Football, 9/11, and Red Bandannas

Note: As with all of my photographs that are linked to my Flickr. Click on the actual photograph and it will take you to my account where you can then find larger versions of the photos.

Last weekend marked the 10 year anniversary of the terrorist attacks on 9/11/2001.  On Saturday across the nation, tributes and memorials were held during many sporting events to honor and remember those who tragically died on that day.

At UCF a couple of students that had watched the ESPN OTL tribute to Welles Crowther (a Boston College graduate) decided it would be a good idea to wear red bandannas in honor of Welles and all those who died on 9/11 at the UCF vs BC football game.

It started out as a Facebook invitation to a small group of friends and quickly flourished into an event that had thousands of people committed to wearing a read bandanna to the game. I personally bought a dozen for myself, family, and friends.  It was reported you couldn’t find red bandannas for miles outside of Orlando leading up to the game.

I was curious to see what the actual turnout would be like.  Arriving on campus and walking around showed that the message may have gotten to more people than I had expected.

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Even parking staff got in on the event.
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It wasn’t just students that were wearing red bandannas.
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People had festive and patriotic tents all across campus
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I found it somewhat amusing the red bandannas placed on knight statues and even card board cutouts of head coach George O’Leary.
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The longer the day went on, more people showed up, and the number of red bandannas continued to grow as well.

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Inside the Engineering II Atrium (a place I spent many long hours studying in) they had draped an American Flag over the side of the stairs.
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And despite not participating in the festivities outside, there were studious students still participating in the red bandanna honoring.
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All of this culminated in the sea of red bandannas that would find its way into the stadium later that day.
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Even our Pegasus rode into the stadium adorned with a red bandanna.
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As well as our Mascot, Knightro.
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In attendance were men and women of our armed forces. There were several military appreciation tributes throughout the game.
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The student and band section did not disappoint.
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Spoiler Alert! Crazy Mustachio!
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The most memorable and touching moment of the night came during the third quarter when the sisters of Welles Crowther took the field for the official remembrance of Welles.
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At that moment, people began to wave their bandannas in the air cheering.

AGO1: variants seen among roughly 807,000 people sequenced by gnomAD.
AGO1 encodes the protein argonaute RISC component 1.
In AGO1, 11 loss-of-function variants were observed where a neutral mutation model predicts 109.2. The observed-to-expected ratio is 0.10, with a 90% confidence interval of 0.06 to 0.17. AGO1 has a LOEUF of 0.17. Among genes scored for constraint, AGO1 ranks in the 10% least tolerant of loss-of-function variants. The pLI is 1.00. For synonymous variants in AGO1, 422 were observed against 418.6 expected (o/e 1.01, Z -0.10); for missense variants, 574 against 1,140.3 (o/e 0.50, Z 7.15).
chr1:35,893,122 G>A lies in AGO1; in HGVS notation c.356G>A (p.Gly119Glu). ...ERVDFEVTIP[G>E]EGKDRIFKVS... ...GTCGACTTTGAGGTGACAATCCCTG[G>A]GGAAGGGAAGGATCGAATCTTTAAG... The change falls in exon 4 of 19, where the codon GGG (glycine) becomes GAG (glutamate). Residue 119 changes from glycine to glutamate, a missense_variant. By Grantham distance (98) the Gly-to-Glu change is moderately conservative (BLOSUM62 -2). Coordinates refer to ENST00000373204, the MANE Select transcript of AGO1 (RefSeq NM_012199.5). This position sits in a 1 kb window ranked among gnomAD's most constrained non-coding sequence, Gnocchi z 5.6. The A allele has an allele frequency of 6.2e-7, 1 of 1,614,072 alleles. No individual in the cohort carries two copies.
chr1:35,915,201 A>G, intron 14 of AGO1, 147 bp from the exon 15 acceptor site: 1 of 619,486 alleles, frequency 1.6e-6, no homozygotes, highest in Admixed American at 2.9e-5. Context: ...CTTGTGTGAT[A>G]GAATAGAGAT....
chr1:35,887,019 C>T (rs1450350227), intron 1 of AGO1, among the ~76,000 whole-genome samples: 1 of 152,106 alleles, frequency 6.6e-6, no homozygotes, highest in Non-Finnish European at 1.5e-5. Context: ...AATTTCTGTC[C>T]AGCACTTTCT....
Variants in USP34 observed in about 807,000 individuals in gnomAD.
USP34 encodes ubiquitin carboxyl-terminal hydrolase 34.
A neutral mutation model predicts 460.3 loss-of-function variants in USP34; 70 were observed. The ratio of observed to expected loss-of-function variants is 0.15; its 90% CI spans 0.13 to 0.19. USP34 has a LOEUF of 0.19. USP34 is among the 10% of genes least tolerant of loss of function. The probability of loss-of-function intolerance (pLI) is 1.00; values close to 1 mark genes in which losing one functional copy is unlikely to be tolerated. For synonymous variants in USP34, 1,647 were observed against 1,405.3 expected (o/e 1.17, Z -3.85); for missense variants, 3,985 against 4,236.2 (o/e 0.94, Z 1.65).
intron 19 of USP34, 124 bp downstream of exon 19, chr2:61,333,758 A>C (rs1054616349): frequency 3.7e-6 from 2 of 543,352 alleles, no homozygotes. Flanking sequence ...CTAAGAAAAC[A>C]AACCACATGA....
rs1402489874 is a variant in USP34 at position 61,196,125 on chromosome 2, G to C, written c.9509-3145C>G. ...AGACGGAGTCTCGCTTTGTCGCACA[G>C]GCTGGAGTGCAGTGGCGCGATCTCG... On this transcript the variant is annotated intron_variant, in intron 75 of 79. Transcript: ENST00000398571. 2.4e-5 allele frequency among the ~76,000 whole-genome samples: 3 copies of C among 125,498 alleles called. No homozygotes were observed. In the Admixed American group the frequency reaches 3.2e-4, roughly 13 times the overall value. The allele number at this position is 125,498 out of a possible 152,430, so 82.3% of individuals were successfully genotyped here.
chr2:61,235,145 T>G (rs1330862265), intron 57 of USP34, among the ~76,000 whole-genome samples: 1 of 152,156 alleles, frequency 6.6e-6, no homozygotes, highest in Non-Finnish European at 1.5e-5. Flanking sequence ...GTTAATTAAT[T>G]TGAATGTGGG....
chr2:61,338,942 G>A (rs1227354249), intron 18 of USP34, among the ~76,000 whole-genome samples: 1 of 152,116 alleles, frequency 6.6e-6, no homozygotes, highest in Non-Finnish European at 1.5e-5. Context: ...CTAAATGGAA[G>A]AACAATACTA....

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Click on this link to see the above photo in a larger format.

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_MG_7205-Edit.jpgI certainly expected the student section (pictured above) to have participated in the honoring in large droves. What I didn’t expect was the number of alumni and fans sitting throughout the rest of the stadium wearing red bandannas.  From the picture below you can see the home sideline seats that are filled with thousands upon thousands of Black, Gold, and Red. It was amazing to see, not for the number of people who were participating, but the fact that those people now know the story of Welles Crowther. _MG_7206.jpg

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This experience was one I had not seen before at a UCF football game. I thought it was touching to honor a graduate of the visiting Boston College team that saved the lives of dozens of people while ultimately sacrificing his own on 9/11. Especially from a fan base not always known for being the most hospitable. But it goes to show that there are some things in life that are far more important and can rise above anything else.

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10 thoughts on “Football, 9/11, and Red Bandannas

  1. Even though she shared this beautiful tribute to her son with me in Sept., Welles’ mom just gave me this blog address to check out the photos. Thanks so much for sharing these. My favorite line in your post was, “… from a fan base not always known for being the most hospitable…. it goes to show that there are some things in life that are far more important and can rise above anything else.” Thanks to UCF for showing their true colors…Isn’t that the lesson that Welles has taught us all?

    • Very true, and thank you for visiting. Welles certainly is an inspiration to many and it’s encouraging amidst this awful tragedy that the family of Welles is able to spread his story in such a positive manner so that others may continue to feel the reach of humanity that he provided, especially to those on 9/11, but also the thousands that learn about him so many years later.

  2. Pingback: WTC: My visits « An Asian and His Camera

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